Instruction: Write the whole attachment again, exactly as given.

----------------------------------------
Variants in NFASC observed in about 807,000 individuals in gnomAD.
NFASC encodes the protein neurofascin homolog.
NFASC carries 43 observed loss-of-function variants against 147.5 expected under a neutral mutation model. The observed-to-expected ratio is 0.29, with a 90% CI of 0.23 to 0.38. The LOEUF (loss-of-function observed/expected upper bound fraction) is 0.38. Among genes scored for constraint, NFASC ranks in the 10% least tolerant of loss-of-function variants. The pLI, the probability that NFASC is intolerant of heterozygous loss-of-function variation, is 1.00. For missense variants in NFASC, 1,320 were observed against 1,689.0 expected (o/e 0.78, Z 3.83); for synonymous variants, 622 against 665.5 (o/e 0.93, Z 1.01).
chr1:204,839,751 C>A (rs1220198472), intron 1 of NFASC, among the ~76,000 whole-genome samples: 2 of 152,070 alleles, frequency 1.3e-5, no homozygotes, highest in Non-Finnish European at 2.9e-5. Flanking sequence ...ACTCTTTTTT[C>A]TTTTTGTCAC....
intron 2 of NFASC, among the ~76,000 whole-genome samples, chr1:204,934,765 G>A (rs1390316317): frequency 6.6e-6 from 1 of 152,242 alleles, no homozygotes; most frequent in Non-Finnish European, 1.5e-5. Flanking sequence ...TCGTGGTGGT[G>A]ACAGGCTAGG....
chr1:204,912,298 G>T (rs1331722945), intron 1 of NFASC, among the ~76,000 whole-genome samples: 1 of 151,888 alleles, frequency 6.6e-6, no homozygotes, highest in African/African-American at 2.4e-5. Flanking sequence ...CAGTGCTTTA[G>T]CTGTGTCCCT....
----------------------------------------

Variants in NFASC observed in about 807,000 individuals in gnomAD.
NFASC encodes the protein neurofascin homolog.
NFASC carries 43 observed loss-of-function variants against 147.5 expected under a neutral mutation model. The observed-to-expected ratio is 0.29, with a 90% CI of 0.23 to 0.38. The LOEUF (loss-of-function observed/expected upper bound fraction) is 0.38. Among genes scored for constraint, NFASC ranks in the 10% least tolerant of loss-of-function variants. The pLI, the probability that NFASC is intolerant of heterozygous loss-of-function variation, is 1.00. For missense variants in NFASC, 1,320 were observed against 1,689.0 expected (o/e 0.78, Z 3.83); for synonymous variants, 622 against 665.5 (o/e 0.93, Z 1.01).
chr1:204,839,751 C>A (rs1220198472), intron 1 of NFASC, among the ~76,000 whole-genome samples: 2 of 152,070 alleles, frequency 1.3e-5, no homozygotes, highest in Non-Finnish European at 2.9e-5. Flanking sequence ...ACTCTTTTTT[C>A]TTTTTGTCAC....
intron 2 of NFASC, among the ~76,000 whole-genome samples, chr1:204,934,765 G>A (rs1390316317): frequency 6.6e-6 from 1 of 152,242 alleles, no homozygotes; most frequent in Non-Finnish European, 1.5e-5. Flanking sequence ...TCGTGGTGGT[G>A]ACAGGCTAGG....
chr1:204,912,298 G>T (rs1331722945), intron 1 of NFASC, among the ~76,000 whole-genome samples: 1 of 151,888 alleles, frequency 6.6e-6, no homozygotes, highest in African/African-American at 2.4e-5. Flanking sequence ...CAGTGCTTTA[G>T]CTGTGTCCCT....